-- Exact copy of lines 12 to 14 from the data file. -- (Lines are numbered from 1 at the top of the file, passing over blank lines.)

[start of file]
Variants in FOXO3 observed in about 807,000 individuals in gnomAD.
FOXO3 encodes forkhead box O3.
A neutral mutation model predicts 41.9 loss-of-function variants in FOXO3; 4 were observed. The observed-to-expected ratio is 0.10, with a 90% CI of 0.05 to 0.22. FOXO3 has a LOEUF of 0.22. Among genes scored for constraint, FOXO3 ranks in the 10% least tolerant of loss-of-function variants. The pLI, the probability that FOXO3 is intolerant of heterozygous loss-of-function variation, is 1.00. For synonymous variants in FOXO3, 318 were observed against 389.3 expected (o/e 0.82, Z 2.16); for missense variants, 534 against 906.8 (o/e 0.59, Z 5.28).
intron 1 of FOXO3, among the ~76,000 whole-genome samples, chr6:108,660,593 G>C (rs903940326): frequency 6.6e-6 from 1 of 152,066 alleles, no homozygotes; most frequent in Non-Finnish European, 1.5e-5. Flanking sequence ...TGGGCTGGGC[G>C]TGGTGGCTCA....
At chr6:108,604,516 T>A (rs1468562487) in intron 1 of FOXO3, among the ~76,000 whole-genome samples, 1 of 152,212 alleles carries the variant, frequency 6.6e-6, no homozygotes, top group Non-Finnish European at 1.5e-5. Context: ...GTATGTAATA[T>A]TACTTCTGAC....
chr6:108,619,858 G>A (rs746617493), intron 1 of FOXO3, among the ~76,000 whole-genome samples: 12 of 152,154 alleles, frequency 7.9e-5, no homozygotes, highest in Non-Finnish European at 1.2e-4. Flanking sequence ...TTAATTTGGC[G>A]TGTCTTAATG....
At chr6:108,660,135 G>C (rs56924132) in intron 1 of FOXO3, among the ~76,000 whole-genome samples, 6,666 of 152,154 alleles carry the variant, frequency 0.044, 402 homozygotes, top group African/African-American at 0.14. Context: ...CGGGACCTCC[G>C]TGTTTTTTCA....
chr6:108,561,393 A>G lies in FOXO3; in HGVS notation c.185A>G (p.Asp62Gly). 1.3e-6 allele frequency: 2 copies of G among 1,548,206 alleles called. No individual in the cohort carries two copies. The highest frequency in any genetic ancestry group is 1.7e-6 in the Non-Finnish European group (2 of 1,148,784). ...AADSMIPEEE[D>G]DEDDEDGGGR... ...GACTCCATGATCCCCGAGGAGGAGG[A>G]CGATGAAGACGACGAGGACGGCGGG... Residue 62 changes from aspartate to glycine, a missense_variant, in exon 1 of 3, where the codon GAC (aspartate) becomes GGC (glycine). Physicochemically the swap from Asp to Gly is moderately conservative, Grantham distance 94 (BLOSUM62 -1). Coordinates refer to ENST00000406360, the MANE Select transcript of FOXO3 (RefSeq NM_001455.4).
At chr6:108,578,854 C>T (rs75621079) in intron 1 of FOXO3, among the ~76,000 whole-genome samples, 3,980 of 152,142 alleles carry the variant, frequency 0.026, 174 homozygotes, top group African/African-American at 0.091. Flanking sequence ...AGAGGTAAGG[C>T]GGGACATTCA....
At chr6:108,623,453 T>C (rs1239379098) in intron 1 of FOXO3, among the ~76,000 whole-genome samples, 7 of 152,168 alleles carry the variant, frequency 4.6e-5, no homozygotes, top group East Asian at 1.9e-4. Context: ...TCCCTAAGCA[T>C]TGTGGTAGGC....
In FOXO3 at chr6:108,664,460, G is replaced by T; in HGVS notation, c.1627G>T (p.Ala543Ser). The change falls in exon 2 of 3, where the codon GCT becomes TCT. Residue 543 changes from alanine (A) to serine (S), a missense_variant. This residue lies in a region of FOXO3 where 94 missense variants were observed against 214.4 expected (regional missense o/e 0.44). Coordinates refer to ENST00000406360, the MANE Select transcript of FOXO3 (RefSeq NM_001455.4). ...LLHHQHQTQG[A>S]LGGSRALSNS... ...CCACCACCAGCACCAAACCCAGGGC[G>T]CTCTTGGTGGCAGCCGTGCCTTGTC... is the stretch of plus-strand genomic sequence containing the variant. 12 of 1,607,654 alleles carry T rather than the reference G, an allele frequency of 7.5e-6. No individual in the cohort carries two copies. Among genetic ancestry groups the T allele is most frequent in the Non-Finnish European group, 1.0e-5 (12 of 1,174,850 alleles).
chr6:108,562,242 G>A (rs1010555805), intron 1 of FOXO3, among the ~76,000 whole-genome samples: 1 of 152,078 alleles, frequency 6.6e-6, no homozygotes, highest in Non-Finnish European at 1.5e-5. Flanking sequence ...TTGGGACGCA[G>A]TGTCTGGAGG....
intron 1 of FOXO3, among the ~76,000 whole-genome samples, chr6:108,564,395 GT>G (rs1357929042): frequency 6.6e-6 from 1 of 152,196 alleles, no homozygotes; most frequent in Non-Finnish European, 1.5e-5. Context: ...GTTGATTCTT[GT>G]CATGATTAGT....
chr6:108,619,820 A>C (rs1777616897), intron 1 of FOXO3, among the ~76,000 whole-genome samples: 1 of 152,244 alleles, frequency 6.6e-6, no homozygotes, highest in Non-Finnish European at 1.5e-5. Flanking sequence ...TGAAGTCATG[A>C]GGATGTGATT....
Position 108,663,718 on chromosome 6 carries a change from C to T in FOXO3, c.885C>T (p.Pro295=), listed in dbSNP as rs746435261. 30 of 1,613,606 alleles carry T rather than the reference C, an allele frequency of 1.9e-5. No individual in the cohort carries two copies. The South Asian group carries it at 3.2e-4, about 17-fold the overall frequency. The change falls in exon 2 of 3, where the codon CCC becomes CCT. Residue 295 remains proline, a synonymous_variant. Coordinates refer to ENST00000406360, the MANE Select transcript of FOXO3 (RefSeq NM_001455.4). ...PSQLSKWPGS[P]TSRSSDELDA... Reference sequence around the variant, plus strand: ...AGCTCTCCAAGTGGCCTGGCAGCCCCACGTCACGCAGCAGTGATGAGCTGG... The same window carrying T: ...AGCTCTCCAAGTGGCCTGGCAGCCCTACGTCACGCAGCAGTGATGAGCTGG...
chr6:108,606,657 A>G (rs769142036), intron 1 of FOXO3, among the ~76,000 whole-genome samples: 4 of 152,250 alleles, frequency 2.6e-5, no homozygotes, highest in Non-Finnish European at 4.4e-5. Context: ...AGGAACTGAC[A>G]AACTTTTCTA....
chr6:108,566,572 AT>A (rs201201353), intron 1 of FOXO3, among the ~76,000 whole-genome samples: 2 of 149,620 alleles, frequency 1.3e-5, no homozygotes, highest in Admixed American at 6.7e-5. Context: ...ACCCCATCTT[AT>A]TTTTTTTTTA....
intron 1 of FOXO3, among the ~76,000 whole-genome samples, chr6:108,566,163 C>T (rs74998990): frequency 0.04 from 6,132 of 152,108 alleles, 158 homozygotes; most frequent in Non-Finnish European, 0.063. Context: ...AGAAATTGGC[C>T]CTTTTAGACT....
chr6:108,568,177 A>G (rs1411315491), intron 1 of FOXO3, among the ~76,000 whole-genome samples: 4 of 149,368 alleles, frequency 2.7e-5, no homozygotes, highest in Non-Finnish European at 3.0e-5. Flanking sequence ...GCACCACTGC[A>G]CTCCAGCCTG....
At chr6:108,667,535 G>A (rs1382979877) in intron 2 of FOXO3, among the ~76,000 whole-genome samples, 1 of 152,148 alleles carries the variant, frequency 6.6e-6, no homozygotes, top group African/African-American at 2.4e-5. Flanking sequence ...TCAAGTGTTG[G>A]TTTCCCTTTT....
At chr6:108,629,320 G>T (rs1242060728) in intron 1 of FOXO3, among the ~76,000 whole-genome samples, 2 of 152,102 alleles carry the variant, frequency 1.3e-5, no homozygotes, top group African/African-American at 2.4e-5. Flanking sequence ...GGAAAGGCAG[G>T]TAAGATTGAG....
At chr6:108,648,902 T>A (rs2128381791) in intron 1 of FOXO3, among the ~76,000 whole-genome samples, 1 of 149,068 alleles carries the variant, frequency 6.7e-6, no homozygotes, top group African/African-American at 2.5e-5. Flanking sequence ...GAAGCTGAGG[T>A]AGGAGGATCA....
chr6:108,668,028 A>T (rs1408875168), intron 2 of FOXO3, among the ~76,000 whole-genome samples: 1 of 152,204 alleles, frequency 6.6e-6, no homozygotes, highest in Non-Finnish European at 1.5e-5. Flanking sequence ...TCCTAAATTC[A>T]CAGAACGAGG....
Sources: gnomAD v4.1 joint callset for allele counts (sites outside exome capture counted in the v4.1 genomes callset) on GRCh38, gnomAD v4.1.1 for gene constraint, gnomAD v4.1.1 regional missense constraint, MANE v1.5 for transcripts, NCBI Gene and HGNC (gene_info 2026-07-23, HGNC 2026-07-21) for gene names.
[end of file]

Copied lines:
chr6:108,562,242 G>A (rs1010555805), intron 1 of FOXO3, among the ~76,000 whole-genome samples: 1 of 152,078 alleles, frequency 6.6e-6, no homozygotes, highest in Non-Finnish European at 1.5e-5. Flanking sequence ...TTGGGACGCA[G>A]TGTCTGGAGG....
intron 1 of FOXO3, among the ~76,000 whole-genome samples, chr6:108,564,395 GT>G (rs1357929042): frequency 6.6e-6 from 1 of 152,196 alleles, no homozygotes; most frequent in Non-Finnish European, 1.5e-5. Context: ...GTTGATTCTT[GT>G]CATGATTAGT....
chr6:108,619,820 A>C (rs1777616897), intron 1 of FOXO3, among the ~76,000 whole-genome samples: 1 of 152,244 alleles, frequency 6.6e-6, no homozygotes, highest in Non-Finnish European at 1.5e-5. Flanking sequence ...TGAAGTCATG[A>C]GGATGTGATT....